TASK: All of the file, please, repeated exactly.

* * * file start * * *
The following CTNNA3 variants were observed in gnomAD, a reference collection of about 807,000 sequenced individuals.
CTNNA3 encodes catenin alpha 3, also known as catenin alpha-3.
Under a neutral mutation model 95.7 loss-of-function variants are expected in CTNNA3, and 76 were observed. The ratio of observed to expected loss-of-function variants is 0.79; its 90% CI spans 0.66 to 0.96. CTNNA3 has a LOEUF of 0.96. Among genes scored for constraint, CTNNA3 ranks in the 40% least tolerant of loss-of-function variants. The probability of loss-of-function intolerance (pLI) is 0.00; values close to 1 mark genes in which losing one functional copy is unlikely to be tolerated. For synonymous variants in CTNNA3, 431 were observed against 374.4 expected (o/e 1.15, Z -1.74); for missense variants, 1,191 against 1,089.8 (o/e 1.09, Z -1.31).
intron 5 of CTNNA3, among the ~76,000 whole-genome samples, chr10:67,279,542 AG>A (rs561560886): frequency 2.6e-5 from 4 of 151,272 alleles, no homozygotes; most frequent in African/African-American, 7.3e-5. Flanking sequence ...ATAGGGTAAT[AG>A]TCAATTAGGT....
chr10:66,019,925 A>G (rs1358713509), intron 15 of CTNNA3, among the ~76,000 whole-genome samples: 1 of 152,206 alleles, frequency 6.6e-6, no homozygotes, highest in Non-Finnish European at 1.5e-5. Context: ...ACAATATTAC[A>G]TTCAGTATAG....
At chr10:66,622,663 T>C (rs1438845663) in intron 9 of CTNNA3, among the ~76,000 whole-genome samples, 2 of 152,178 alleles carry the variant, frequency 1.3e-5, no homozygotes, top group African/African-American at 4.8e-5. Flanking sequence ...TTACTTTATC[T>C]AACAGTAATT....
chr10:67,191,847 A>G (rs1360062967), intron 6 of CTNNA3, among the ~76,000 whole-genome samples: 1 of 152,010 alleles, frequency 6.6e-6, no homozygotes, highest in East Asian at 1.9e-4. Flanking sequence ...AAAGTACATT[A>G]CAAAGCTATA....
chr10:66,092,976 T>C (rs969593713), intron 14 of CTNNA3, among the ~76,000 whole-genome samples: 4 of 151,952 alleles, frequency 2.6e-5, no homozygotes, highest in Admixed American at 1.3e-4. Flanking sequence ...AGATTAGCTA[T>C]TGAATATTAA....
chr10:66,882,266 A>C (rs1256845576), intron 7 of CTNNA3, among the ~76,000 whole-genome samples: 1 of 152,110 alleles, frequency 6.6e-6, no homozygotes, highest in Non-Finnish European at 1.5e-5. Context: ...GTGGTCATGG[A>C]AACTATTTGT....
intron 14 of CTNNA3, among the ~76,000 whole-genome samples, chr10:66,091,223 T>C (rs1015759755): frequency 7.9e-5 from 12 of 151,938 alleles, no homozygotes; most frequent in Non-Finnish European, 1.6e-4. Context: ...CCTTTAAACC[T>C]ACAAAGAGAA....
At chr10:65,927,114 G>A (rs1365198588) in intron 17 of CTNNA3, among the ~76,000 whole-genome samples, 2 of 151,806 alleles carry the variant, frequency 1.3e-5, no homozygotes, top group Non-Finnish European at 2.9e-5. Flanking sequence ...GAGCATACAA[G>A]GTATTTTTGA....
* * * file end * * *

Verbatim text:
The following CTNNA3 variants were observed in gnomAD, a reference collection of about 807,000 sequenced individuals.
CTNNA3 encodes catenin alpha 3, also known as catenin alpha-3.
Under a neutral mutation model 95.7 loss-of-function variants are expected in CTNNA3, and 76 were observed. The ratio of observed to expected loss-of-function variants is 0.79; its 90% CI spans 0.66 to 0.96. CTNNA3 has a LOEUF of 0.96. Among genes scored for constraint, CTNNA3 ranks in the 40% least tolerant of loss-of-function variants. The probability of loss-of-function intolerance (pLI) is 0.00; values close to 1 mark genes in which losing one functional copy is unlikely to be tolerated. For synonymous variants in CTNNA3, 431 were observed against 374.4 expected (o/e 1.15, Z -1.74); for missense variants, 1,191 against 1,089.8 (o/e 1.09, Z -1.31).
intron 5 of CTNNA3, among the ~76,000 whole-genome samples, chr10:67,279,542 AG>A (rs561560886): frequency 2.6e-5 from 4 of 151,272 alleles, no homozygotes; most frequent in African/African-American, 7.3e-5. Flanking sequence ...ATAGGGTAAT[AG>A]TCAATTAGGT....
chr10:66,019,925 A>G (rs1358713509), intron 15 of CTNNA3, among the ~76,000 whole-genome samples: 1 of 152,206 alleles, frequency 6.6e-6, no homozygotes, highest in Non-Finnish European at 1.5e-5. Context: ...ACAATATTAC[A>G]TTCAGTATAG....
At chr10:66,622,663 T>C (rs1438845663) in intron 9 of CTNNA3, among the ~76,000 whole-genome samples, 2 of 152,178 alleles carry the variant, frequency 1.3e-5, no homozygotes, top group African/African-American at 4.8e-5. Flanking sequence ...TTACTTTATC[T>C]AACAGTAATT....
chr10:67,191,847 A>G (rs1360062967), intron 6 of CTNNA3, among the ~76,000 whole-genome samples: 1 of 152,010 alleles, frequency 6.6e-6, no homozygotes, highest in East Asian at 1.9e-4. Flanking sequence ...AAAGTACATT[A>G]CAAAGCTATA....
chr10:66,092,976 T>C (rs969593713), intron 14 of CTNNA3, among the ~76,000 whole-genome samples: 4 of 151,952 alleles, frequency 2.6e-5, no homozygotes, highest in Admixed American at 1.3e-4. Flanking sequence ...AGATTAGCTA[T>C]TGAATATTAA....
chr10:66,882,266 A>C (rs1256845576), intron 7 of CTNNA3, among the ~76,000 whole-genome samples: 1 of 152,110 alleles, frequency 6.6e-6, no homozygotes, highest in Non-Finnish European at 1.5e-5. Context: ...GTGGTCATGG[A>C]AACTATTTGT....
intron 14 of CTNNA3, among the ~76,000 whole-genome samples, chr10:66,091,223 T>C (rs1015759755): frequency 7.9e-5 from 12 of 151,938 alleles, no homozygotes; most frequent in Non-Finnish European, 1.6e-4. Context: ...CCTTTAAACC[T>C]ACAAAGAGAA....
At chr10:65,927,114 G>A (rs1365198588) in intron 17 of CTNNA3, among the ~76,000 whole-genome samples, 2 of 151,806 alleles carry the variant, frequency 1.3e-5, no homozygotes, top group Non-Finnish European at 2.9e-5. Flanking sequence ...GAGCATACAA[G>A]GTATTTTTGA....